JEFFERSON CITY, Mo. (AP) — Missouri lawmakers passed a $26 billion budget plan on Thursday for the next fiscal year that would increase basic aid for K-12 public schools while holding spending for social services stagnant – a sticking point that garnered criticism from lawmakers concerned it could hurt services for low-income families and others.
Passing all 13 bills to outline funding for the state budget – which House Speaker John Diehl said includes a $90 million surplus – means the Republican-controlled Legislature could have the opportunity to override potential vetoes by Democratic Gov. Jay Nixon on specific programs before the legislative session ends May 15. Lead budget writer Sen. Kurt Schaefer, R-Columbia, said he believes lawmakers could override Nixon’s vetoes with a simple majority instead of the two-thirds needed after the session ends.
The governor could also wait until after the session to announce spending restrictions for particular programs.
Nixon said in a statement that a “careful, line-by-line review” of the budget still is needed, but thanked lawmakers for “answering my call to make responsible investments in K-12 classrooms, college affordability and mental health.”
Major highlights include $3.2 billion in basic aid for K-12 public schools, up more than $84 million from this year but still far short of the $482 million increase needed to provide the full amount called for under a 2005 state law. Public universities and colleges are set to receive $12 million more in performance-based funding, a 1.3 percent increase.
Tensions over social services spending threatened to derail the agency’s budget passage this year when the Senate initially voted against approving that spending plan. At issue was an expansion of the state’s managed care program, which contracts with private companies that in turn manage Medicaid patients’ health care.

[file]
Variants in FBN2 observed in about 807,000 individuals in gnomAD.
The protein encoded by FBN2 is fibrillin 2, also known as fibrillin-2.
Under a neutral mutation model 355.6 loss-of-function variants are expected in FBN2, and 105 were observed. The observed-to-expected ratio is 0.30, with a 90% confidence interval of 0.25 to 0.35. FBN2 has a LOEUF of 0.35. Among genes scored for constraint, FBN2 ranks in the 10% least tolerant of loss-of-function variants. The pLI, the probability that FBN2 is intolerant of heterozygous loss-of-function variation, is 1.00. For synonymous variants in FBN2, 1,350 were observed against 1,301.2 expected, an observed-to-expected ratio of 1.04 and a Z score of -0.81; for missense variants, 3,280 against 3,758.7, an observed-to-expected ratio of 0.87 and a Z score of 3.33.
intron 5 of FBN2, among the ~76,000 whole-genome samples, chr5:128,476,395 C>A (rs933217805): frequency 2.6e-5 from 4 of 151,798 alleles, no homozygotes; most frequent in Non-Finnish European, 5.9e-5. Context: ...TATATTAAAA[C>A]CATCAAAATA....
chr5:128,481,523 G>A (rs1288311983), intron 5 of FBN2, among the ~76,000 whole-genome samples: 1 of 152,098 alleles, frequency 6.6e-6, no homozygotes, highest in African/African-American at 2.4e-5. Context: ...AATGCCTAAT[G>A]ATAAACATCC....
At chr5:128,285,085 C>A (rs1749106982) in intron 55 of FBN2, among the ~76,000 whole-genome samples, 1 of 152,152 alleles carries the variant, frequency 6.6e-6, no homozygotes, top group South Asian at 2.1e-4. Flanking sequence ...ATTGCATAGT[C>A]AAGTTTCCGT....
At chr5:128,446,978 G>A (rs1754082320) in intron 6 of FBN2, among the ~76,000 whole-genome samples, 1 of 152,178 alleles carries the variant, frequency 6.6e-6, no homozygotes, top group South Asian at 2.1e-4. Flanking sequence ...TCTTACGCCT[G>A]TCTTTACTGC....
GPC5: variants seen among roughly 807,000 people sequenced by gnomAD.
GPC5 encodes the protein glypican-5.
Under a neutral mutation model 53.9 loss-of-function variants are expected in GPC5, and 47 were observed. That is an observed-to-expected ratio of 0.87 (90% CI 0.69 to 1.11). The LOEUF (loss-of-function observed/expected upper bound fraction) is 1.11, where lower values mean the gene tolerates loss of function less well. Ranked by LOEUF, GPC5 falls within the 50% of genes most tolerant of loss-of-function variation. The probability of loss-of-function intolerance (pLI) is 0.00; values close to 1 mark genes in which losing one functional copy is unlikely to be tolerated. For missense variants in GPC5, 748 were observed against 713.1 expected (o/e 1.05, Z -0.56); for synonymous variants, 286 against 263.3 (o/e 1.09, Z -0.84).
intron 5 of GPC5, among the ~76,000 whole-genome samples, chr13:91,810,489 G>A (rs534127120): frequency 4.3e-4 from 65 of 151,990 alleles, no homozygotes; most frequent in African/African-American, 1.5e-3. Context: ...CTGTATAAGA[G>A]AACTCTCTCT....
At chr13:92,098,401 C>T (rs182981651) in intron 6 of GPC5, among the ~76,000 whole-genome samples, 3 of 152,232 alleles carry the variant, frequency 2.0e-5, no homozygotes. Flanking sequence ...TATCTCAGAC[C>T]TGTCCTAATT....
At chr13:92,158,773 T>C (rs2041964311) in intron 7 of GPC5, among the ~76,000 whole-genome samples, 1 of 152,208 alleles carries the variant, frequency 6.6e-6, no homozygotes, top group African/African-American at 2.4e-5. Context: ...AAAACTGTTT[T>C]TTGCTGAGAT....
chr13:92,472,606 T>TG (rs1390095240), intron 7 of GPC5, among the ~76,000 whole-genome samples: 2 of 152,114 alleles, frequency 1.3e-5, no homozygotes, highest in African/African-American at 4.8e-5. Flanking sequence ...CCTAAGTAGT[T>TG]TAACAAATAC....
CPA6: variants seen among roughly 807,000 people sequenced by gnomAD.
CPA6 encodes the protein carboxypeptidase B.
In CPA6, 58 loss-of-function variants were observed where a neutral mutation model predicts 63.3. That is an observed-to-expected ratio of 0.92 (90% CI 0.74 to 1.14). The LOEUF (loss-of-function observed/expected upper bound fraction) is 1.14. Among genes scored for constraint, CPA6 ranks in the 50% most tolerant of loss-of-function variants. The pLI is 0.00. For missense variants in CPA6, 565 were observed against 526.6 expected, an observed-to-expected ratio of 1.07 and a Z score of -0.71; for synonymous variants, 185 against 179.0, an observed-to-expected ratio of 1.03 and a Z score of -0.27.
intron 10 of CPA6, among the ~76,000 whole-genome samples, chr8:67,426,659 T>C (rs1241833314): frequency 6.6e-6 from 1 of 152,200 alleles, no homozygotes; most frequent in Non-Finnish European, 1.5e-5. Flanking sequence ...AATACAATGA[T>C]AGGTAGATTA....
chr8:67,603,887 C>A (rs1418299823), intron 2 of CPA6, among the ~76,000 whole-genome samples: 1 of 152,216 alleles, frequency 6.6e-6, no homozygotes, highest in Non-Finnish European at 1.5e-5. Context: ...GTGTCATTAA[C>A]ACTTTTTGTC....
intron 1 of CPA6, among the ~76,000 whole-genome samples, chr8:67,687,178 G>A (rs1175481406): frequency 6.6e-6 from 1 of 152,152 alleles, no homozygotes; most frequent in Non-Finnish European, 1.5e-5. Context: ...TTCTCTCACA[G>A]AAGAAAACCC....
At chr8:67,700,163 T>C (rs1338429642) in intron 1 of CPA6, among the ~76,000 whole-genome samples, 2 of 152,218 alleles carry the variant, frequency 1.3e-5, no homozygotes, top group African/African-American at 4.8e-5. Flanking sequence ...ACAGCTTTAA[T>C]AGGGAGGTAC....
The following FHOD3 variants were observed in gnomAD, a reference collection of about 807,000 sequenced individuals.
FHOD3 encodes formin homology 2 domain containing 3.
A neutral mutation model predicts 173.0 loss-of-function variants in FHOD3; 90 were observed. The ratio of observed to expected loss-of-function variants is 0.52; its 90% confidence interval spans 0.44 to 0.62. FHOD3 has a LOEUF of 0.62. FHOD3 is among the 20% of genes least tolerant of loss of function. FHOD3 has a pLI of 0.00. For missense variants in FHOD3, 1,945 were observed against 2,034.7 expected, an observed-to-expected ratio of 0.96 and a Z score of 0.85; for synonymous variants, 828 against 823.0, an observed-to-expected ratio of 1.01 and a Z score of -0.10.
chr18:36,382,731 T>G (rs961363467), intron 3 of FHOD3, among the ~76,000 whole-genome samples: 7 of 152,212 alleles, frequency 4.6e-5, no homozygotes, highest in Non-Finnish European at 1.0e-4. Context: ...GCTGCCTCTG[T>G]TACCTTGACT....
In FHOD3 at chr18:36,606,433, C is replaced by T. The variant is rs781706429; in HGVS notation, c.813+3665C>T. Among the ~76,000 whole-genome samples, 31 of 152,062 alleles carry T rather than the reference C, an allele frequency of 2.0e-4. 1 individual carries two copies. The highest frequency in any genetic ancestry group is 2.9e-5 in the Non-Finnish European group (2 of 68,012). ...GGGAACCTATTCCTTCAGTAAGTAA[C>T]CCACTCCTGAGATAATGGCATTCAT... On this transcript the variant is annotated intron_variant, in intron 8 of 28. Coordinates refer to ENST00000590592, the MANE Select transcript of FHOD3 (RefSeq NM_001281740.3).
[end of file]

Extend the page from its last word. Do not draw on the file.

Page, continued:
About 440,000 Missourians were enrolled in managed care as of March, according to the Department of Social Services. About 233,000 would be added under the expansion.
Supporters, including Schaefer, say it saves money and is efficient. Opponents have questioned that and say it also leads to lower-quality care.
“Welcome to the world of old ideas and outdated models,” Rep. Keith Frederick, R-Rolla, said. “It’s rationed health care.”
Progress on the budget was further delayed as Schaefer and other lead negotiators hashed out sweeping differences between the two chambers on the Social Services, Mental Health and Health and Senior Services departments’ budgets behind closed doors.
Schaefer had proposed granting those departments a chunk of money rather that specifying funding for individual programs and services, an effort aimed at forcing those agencies to reduce spending.
A compromise between the House and Senate instead allots money based on individual programs and services – the traditional way of budgeting – but includes less money for those departments than originally recommended by the House.
Mental health is set to receive roughly $730 million in general revenue next fiscal year, about $14 million less than the House proposed but still about $25 million more compared with this fiscal year. The plan includes almost $331 million for the health department, up from $286 million this year but roughly $5 million less than House members suggested.
The $8.6 billion budget for the Social Services Department remains the largest of all agencies. Its total includes $1.5 billion in general revenues, with about $555,000 less in proposed spending compared with this year.
Source: Associated Press